Spring 2019

Native intelligence

Jean O’Brien just published her sixth book, Monumental Mobility: The Memory Work of Massasoit, which explores the story surrounding a 1921 statue of the Pokanoket chief, a participant in the mythical first Thanksgiving.

A pathbreaking scholar of Native American history, Professor Jean M. O’Brien continues to overturn conventional narratives that have written indigenous peoples out of existence. She’s authored numerous books and articles related to American Indian history and indigenous studies, co-founded the Native American and Indigenous Studies Association, and received two McKnight awards for Land-Grant and Distinguished University Professor. O’Brien, who joined the U in 1989, has been a leader in the Department of History and the Department of American Indian Studies, the oldest program of its kind in the United States. 

What prompted your interest in Native American studies?

I’m a citizen of the White Earth Ojibwe Nation. My mother and grandmothers grew up on the reservation, and I’ve spent lots of time there. I went to college at Bemidji State University, where I majored in history and social sciences and minored in Ojibwe.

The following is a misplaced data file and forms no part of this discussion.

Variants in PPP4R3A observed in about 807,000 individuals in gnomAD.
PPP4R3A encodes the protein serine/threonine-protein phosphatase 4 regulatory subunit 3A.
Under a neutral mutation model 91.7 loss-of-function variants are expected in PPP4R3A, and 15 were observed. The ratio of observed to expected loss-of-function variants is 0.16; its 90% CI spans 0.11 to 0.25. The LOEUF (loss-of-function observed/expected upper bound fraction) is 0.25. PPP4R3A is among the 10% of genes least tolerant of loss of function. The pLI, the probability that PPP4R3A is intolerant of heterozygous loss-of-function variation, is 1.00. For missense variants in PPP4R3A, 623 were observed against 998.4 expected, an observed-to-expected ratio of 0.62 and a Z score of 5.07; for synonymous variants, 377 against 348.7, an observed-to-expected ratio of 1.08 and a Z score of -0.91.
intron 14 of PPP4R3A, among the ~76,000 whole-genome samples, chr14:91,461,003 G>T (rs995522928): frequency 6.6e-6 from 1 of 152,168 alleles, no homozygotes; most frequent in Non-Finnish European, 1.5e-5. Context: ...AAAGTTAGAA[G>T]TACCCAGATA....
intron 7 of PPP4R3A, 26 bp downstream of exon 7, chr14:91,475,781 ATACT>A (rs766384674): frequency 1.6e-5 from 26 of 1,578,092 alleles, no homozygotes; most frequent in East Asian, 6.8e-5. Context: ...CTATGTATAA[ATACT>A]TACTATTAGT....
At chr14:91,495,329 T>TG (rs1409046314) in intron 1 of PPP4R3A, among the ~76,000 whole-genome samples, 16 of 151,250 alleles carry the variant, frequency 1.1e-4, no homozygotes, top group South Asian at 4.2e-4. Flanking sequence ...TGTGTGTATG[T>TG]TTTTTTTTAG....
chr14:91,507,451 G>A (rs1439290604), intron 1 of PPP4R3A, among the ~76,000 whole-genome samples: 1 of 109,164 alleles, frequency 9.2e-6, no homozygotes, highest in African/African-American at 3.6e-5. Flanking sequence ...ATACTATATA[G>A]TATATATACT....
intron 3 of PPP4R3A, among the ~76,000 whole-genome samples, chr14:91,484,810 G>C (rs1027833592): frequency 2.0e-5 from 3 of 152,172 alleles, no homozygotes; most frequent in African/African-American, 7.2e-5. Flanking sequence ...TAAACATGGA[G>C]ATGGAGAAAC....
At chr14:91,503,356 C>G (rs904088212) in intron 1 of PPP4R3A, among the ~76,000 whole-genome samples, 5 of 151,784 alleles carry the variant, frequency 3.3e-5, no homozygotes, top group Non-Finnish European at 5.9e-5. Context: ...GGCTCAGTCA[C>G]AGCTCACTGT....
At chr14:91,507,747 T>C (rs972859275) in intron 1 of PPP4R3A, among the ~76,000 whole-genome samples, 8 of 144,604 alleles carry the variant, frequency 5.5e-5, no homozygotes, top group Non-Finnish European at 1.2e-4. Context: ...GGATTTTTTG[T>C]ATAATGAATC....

How did the McKnight endowed positions contribute to your work?

The Land-Grant Professorship was fundamental to publishing my first book. It gave me time to research, travel to see archives, and write. The second position, awarded in 2015, supported research and writing for my latest book and other projects I’m working on, including editing a volume on allotment policies that divided communal tribal lands and placed them in individual ownership.

As a professor, what are you most proud of?

The undergraduate and graduate students in our program are amazing. We’ve graduated more than 60 doctoral students across a range of disciplines in the past 25 years. They teach throughout North America and are doing great things.